Houston Police Chief Art Acevedo ’05 stood with strength and calm before hundreds of his officers in August. In a few days, Hurricane Harvey would make landfall in Texas, bringing what Acevedo described as destruction of “biblical proportions.”
He urged officers to pack extra clothes. He told them they probably would not be going home for a while. And he prepared them to be under the world’s microscope.
“Your career and the success of this organization is going to be defined by how we respond to what’s coming our way,” Acevedo told his team. “Our actions will be studied and talked about for a generation to come.”
The hurricane reached Texas on Aug. 24, taking dozens of lives and becoming the costliest natural disaster in U.S. history. That part of the story has been well documented.
But Acevedo said there is another side to the tale — one in which his officers and the city shined in the face of disaster. For six days, officers under Acevedo’s leadership slept on cots, took showers, and ate meals in police stations across Houston. Nearly 5,200 sworn officers and several hundred civilian staff continued to serve the community throughout the storm, even as their own homes were being washed away. No task was beneath anyone.
Officers cooked for co-workers. Lieutenants cleaned bathrooms. Staff washed clothes.
Instead of stress, Acevedo saw unflagging heroism from officers who rescued more than 6,500 people as the hurricane transformed the city into a series of islands.
Throughout the storm, Acevedo drew upon the lessons he learned from his University of La Verne public administration bachelor’s degree program: the importance of earning, keeping, and building trust.
Dr. Matthew Witt, professor of public administration, said managing a crisis means paying attention to good will and communicating to employees that obligations are reciprocal, something Acevedo does well.
“Great leaders have an instinct for cultivating this process,” he said. “They know that strength is a shared asset that originates in good will. The more it is given, the more it returns. Art exemplifies the kind of leadership we seek to cultivate at the University of La Verne.”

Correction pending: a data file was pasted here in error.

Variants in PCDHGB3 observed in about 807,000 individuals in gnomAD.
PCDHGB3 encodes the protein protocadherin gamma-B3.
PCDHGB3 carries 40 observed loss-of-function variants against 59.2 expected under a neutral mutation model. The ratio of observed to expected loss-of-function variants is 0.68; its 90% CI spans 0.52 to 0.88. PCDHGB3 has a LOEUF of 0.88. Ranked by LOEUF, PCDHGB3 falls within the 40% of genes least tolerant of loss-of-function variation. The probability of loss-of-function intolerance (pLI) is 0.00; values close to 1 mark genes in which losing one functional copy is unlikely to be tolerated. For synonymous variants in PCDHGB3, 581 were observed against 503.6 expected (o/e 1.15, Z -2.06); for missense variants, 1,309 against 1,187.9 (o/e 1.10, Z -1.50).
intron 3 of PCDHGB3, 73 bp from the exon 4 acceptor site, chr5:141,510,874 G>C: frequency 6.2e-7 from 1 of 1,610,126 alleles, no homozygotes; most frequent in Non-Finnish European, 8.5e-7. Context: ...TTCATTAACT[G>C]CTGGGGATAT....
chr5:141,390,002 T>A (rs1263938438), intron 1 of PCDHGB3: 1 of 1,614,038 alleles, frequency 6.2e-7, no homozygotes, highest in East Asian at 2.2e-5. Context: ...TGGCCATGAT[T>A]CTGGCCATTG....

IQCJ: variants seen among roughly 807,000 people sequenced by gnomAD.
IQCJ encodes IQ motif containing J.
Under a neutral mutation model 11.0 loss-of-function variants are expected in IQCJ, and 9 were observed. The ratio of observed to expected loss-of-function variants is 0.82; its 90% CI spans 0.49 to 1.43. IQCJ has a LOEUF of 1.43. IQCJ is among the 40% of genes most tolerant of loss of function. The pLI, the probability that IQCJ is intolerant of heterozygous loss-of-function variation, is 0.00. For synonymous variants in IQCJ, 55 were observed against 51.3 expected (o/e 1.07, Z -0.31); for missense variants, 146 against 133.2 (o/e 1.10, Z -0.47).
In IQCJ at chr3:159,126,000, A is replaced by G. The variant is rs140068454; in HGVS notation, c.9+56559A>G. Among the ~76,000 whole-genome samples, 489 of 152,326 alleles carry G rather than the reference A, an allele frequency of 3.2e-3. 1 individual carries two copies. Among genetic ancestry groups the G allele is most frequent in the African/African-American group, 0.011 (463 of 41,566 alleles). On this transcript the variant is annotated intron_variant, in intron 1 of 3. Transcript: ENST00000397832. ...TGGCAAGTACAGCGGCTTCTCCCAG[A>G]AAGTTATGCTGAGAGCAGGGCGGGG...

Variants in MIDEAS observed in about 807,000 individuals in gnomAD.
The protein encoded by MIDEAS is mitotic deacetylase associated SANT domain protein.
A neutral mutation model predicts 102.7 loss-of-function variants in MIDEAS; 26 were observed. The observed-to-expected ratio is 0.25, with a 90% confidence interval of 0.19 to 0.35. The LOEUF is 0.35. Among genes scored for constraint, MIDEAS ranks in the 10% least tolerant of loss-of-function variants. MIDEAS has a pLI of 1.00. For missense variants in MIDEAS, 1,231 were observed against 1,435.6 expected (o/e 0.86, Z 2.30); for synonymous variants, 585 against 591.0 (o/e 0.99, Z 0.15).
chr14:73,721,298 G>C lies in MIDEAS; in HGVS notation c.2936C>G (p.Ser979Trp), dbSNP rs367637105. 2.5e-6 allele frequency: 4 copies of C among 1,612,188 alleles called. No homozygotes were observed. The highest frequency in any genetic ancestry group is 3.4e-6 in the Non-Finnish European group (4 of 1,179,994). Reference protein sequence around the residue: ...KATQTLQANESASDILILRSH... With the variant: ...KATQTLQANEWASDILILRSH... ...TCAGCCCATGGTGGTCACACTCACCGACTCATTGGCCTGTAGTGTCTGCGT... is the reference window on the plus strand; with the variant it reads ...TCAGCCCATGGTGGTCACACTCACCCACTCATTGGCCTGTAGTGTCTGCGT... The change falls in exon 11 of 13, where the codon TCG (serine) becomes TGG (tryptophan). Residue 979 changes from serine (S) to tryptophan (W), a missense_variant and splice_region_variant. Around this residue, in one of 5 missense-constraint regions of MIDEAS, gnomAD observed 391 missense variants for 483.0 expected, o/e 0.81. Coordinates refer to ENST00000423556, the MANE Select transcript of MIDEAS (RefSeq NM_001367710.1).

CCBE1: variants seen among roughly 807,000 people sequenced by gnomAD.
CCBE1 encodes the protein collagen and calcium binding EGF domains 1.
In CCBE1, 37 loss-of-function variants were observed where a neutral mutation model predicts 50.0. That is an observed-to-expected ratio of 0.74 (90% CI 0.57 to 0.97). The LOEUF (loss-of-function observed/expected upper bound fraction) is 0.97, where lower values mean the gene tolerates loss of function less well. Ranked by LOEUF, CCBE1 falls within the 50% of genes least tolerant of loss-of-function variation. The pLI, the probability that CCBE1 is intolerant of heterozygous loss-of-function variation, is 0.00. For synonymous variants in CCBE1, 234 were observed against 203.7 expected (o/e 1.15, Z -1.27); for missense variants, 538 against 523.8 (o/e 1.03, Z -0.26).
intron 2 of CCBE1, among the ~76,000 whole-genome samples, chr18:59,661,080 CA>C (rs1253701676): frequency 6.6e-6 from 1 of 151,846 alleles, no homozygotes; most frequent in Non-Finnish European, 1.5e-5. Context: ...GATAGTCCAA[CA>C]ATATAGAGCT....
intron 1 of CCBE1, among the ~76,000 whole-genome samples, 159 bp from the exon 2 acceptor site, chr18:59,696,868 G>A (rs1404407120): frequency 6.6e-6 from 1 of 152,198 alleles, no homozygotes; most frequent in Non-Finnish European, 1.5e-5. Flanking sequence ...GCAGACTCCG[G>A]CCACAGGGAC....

Acevedo, just nine months into his position as chief at the time of the disaster, had invested so much time in emotional capital that his officers deeply respected him as a leader. He spent those months going on regular patrols with officers and getting to know them on a personal level.
“If you demonstrate that you’re willing to get dirty with them and take risks with them, regardless of job title, they will walk through a wall of fire for you,” Acevedo said.
Or, perhaps, wade through a torrent of water. Acevedo joined about 15 homicide detectives who drove out into the pouring rain to save lives. The chief found himself in waist-deep floodwater in Houston’s Greenspoint Bayou, rescuing stranded residents.
Acevedo, who did not sleep much for more than two weeks, finally collapsed after returning home on Sept. 13 following the funeral of Sgt. Steve Perez, one of his officers who died in the hurricane.
The moment of rest was well earned.
“I cannot begin to express the sense of pride I had from watching the collective spirit of this organization,” he said. “Everybody did whatever it took to get it done.”